How Long for Delaware Chickens To Mature?

Chickens who mature faster start laying eggs faster or are ready for processing sooner. 

If you want to add Delaware chickens to your backyard flock, how long will it take before they are old enough to contribute?

Delaware chickens mature around 3 or 4 months. This is when they are large enough to harvest, and it is also the time when hens will begin breeding and laying eggs.

Keep reading to learn more about this fantastic breed, as well as how to care for them properly and how they do in a mixed flock.

delaware chickens growth rate

When Do Delawares Reach Full Size?

The Delaware chicken is a dual-purpose heritage breed. 

This means they are both excellent egg layers and good meat birds. 

They mature rather quickly. They reach a size large enough for harvest when they are about 3-4 months. 

Female chickens can begin laying eggs as early as 16 weeks of age, but each individual hen is different.

It’s important to distinguish between the different bloodlines found in the Delaware breed. 

While the overall bird is known as a dual-purpose breed, different breeders select for certain traits. 

Some hatcheries and breeders focus on egg production. 

Others focus on the meat production side. There are even ones who focus on looks to show these beautiful birds.

The bloodline of your Delaware will determine how quickly it matures in each area. 

One focused on meat won’t start laying as early as one focused on Delaware egg production

Likewise, a bird meant mostly for eggs won’t reach full size as quickly as a meat bird.

Once they reach their full size, this is their market weight:

  • Pullets: 5.5 pounds
  • Hens: 6.5 pounds
  • Cockerels: 7.5 pounds
  • Cocks: 8.5 pounds

Delaware Hens’ Egg Production

The Delaware chicken is a prolific egg layer. These eggs are large in size and light brown in color. 

They average 4 eggs per week, which comes out to at least 200 eggs per hen per year.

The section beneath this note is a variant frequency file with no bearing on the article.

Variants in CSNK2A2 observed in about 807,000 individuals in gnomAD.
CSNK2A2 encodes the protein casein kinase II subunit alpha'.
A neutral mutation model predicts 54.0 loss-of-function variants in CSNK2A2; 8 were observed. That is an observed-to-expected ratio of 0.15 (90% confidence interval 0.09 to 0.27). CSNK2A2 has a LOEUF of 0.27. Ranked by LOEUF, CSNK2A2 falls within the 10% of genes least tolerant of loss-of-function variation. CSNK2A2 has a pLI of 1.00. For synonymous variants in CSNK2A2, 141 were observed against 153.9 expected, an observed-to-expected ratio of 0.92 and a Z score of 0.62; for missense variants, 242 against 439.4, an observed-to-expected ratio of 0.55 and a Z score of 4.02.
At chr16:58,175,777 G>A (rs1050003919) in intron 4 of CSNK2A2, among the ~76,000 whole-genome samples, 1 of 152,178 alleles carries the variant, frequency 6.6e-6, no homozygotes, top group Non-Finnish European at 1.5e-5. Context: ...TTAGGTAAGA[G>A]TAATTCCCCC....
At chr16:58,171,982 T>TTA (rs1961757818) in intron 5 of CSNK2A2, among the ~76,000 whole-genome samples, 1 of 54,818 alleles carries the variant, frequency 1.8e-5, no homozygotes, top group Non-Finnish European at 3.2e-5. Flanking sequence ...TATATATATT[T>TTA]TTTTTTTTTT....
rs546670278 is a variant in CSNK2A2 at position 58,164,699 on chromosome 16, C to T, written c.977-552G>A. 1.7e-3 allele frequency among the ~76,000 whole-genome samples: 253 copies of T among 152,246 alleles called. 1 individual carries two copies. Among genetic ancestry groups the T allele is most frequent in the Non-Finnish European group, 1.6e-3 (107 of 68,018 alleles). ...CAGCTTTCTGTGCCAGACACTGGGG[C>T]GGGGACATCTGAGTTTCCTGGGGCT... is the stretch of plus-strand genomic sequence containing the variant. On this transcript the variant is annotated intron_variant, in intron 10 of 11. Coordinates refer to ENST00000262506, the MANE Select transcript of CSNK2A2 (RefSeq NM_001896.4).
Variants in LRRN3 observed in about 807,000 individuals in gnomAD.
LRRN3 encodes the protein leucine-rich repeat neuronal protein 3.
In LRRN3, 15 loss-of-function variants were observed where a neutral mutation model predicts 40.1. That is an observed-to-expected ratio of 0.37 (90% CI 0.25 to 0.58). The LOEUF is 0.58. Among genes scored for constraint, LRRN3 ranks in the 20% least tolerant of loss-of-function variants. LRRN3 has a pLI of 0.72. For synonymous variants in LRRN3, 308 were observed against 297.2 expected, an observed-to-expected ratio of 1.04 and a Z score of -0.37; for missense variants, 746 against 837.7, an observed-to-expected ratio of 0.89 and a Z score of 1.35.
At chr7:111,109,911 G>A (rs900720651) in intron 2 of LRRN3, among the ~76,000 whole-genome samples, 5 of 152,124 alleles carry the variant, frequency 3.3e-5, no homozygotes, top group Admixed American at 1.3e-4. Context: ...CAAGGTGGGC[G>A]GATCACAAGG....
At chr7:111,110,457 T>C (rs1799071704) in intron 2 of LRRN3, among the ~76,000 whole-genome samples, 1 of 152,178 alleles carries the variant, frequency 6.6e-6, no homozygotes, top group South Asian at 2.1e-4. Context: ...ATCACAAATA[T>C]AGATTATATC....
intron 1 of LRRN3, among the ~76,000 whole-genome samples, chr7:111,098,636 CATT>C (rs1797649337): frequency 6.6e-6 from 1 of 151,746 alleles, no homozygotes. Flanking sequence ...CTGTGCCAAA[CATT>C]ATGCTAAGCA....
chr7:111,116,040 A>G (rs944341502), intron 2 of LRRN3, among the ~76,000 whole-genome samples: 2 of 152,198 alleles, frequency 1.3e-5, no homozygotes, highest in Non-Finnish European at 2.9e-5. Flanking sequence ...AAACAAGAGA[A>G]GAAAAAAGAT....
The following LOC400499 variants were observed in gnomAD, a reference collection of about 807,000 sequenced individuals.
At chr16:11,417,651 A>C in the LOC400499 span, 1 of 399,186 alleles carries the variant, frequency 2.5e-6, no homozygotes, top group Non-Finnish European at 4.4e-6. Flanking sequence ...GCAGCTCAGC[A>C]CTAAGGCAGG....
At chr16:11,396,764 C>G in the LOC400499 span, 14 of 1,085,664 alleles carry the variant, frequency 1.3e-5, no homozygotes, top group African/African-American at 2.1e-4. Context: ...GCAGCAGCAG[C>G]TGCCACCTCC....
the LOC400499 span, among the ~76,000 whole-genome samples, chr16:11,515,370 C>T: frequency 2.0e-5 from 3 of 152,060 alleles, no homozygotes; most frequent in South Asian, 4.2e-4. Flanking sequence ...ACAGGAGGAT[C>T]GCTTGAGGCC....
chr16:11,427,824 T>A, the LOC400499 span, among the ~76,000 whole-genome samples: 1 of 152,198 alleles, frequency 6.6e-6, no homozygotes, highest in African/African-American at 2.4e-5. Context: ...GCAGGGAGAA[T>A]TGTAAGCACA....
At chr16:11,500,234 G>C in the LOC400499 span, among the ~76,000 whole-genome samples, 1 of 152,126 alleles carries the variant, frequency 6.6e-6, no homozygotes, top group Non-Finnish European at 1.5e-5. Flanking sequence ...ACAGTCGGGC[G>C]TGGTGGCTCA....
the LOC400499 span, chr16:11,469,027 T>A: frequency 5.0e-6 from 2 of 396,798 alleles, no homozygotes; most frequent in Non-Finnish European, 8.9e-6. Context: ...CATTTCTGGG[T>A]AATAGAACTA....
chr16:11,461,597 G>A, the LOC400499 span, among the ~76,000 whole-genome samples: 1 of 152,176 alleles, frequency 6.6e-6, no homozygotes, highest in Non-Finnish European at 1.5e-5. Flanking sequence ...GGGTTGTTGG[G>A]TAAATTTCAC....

As these hens age, their egg production will reduce by about 10% yearly. However, their average lifespan is 6 to 7 years. 

Overall, this leads to a large number of eggs over their lifetime.

Delaware hens do not have a tendency to go broody. 

If you are only looking for egg production, this is great. If you want to grow your flock, use an incubator or a broody hen from another breed.

Related Post: Do Delaware Chickens Make A Lot Of Noise?

when do delaware chickens start laying eggs (1)

Caring for Delaware Chickens

This breed loves to free-range and search for food. Offer them some feed throughout the day to ensure they get a comprehensive diet. 

They typically don’t need a lot of fancy supplements or treats, but they will appreciate them!

With their inquisitive nature, these active birds will find plenty of bugs, nuts, and seeds while roaming around outside.

Also, offer a good, clean house for your amazing birds overnight. It is important you keep it free of debris or any dangerous items in their coop or nesting box. 

These curious birds will pick and peck through everything, so they are in danger of trying to swallow anything they find. 

They are good at spotting predators and other animals, though. 

Make sure the coop has at least 10’ square feet per bird. These are larger birds, so they require more space than smaller breeds. 

If there is not enough space, chickens are more likely to fight and bully each other.